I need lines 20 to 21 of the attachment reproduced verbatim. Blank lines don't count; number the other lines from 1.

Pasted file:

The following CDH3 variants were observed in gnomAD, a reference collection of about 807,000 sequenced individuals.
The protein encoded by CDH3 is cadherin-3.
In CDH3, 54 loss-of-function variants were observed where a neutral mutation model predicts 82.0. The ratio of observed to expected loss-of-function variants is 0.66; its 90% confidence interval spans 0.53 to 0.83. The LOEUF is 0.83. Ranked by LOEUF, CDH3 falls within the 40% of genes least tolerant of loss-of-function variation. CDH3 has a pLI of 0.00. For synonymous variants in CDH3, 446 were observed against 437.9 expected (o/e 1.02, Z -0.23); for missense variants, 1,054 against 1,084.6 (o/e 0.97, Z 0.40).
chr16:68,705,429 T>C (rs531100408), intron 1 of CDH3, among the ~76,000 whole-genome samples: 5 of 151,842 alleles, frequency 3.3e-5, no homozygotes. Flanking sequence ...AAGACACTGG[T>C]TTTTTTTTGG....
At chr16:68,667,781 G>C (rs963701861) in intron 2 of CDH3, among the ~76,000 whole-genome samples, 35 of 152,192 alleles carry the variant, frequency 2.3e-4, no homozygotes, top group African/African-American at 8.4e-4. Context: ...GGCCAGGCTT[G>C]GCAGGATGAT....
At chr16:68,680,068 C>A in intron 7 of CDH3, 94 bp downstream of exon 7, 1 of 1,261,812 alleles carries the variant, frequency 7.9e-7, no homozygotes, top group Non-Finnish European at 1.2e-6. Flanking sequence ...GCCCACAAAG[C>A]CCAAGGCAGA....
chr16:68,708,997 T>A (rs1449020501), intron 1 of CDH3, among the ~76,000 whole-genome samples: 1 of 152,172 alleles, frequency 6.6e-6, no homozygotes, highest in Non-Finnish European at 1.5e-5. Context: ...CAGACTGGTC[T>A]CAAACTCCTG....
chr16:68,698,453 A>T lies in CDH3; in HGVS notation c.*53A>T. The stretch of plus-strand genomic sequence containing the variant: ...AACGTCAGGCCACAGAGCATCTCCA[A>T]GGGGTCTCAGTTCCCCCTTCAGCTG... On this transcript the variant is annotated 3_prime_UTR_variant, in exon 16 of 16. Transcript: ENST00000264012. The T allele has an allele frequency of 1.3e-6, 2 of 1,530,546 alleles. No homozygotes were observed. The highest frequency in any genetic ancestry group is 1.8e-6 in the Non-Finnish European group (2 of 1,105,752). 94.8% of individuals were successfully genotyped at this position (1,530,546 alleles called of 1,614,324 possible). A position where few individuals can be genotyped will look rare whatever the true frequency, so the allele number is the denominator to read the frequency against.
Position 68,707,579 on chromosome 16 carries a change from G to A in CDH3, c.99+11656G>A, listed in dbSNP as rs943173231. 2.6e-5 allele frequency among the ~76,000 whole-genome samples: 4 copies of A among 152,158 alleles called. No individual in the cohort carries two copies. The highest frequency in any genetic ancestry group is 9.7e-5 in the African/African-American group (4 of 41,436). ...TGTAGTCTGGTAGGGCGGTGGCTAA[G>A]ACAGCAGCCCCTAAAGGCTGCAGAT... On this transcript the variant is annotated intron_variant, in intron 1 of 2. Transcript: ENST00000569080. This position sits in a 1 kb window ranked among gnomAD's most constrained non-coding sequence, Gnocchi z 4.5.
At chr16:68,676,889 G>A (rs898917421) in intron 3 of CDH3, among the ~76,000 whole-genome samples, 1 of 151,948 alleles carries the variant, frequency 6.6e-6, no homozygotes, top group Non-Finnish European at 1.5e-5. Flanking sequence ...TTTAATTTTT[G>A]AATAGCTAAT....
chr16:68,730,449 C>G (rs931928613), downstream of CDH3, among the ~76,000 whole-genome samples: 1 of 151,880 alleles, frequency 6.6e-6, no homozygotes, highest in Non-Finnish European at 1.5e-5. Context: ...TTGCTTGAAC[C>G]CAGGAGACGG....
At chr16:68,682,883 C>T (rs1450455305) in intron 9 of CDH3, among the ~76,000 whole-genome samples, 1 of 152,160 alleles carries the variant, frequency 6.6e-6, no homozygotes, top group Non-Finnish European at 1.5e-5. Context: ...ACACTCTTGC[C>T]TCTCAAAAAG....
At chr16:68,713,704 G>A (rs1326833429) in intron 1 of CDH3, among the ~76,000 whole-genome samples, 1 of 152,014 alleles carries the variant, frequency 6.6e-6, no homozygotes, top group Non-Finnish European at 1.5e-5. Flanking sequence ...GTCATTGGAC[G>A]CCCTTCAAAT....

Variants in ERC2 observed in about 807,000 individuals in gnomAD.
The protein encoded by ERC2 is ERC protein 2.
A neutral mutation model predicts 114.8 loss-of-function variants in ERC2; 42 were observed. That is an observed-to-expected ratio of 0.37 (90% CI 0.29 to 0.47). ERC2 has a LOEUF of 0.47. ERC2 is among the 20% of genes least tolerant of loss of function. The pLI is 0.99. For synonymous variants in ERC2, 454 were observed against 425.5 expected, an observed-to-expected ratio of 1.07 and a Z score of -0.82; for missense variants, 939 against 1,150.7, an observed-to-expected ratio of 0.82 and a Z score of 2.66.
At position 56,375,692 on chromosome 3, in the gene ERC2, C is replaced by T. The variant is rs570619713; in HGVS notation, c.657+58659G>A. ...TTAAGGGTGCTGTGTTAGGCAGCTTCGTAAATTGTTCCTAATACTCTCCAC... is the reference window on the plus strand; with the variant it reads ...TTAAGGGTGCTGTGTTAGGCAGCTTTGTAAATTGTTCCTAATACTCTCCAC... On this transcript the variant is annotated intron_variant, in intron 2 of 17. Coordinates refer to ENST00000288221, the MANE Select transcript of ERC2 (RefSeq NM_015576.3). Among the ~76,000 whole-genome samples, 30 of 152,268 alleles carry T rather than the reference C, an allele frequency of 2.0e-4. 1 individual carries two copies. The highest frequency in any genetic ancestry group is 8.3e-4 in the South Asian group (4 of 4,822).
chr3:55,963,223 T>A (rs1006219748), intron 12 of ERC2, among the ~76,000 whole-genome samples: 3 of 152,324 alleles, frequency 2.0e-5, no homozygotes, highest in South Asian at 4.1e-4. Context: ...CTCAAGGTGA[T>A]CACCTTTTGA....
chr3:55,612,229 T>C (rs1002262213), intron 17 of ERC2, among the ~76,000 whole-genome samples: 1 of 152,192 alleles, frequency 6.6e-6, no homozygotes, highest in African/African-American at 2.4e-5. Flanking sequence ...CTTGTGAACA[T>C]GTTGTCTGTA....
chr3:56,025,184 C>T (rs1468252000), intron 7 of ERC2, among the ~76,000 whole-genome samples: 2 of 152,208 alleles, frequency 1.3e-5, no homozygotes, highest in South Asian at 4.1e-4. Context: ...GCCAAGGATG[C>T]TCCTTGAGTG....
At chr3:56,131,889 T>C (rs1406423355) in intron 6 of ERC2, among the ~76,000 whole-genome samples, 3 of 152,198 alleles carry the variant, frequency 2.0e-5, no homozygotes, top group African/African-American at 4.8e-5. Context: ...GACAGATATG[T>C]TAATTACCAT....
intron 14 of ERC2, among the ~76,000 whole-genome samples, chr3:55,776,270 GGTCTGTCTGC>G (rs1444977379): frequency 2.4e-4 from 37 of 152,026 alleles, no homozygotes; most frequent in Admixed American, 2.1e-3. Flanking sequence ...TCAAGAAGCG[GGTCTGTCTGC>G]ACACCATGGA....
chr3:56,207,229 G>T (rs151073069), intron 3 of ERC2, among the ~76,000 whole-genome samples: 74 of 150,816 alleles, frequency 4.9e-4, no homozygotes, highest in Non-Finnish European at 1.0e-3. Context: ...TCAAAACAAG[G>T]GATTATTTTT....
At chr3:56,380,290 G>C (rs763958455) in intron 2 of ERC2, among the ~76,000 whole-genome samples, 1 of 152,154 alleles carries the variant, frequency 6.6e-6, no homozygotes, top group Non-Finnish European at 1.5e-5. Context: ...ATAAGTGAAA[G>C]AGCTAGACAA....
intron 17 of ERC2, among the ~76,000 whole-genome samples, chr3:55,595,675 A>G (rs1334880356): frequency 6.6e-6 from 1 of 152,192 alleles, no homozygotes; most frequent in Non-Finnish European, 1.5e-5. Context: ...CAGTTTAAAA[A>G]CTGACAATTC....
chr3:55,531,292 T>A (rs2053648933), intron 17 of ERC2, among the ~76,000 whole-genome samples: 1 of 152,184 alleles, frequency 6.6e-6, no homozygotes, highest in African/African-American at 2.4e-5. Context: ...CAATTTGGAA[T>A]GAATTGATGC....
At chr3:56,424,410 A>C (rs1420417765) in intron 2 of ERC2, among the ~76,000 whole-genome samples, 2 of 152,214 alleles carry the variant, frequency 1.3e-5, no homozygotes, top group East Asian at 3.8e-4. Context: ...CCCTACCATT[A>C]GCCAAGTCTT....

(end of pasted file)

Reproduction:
chr3:56,025,184 C>T (rs1468252000), intron 7 of ERC2, among the ~76,000 whole-genome samples: 2 of 152,208 alleles, frequency 1.3e-5, no homozygotes, highest in South Asian at 4.1e-4. Context: ...GCCAAGGATG[C>T]TCCTTGAGTG....
At chr3:56,131,889 T>C (rs1406423355) in intron 6 of ERC2, among the ~76,000 whole-genome samples, 3 of 152,198 alleles carry the variant, frequency 2.0e-5, no homozygotes, top group African/African-American at 4.8e-5. Context: ...GACAGATATG[T>C]TAATTACCAT....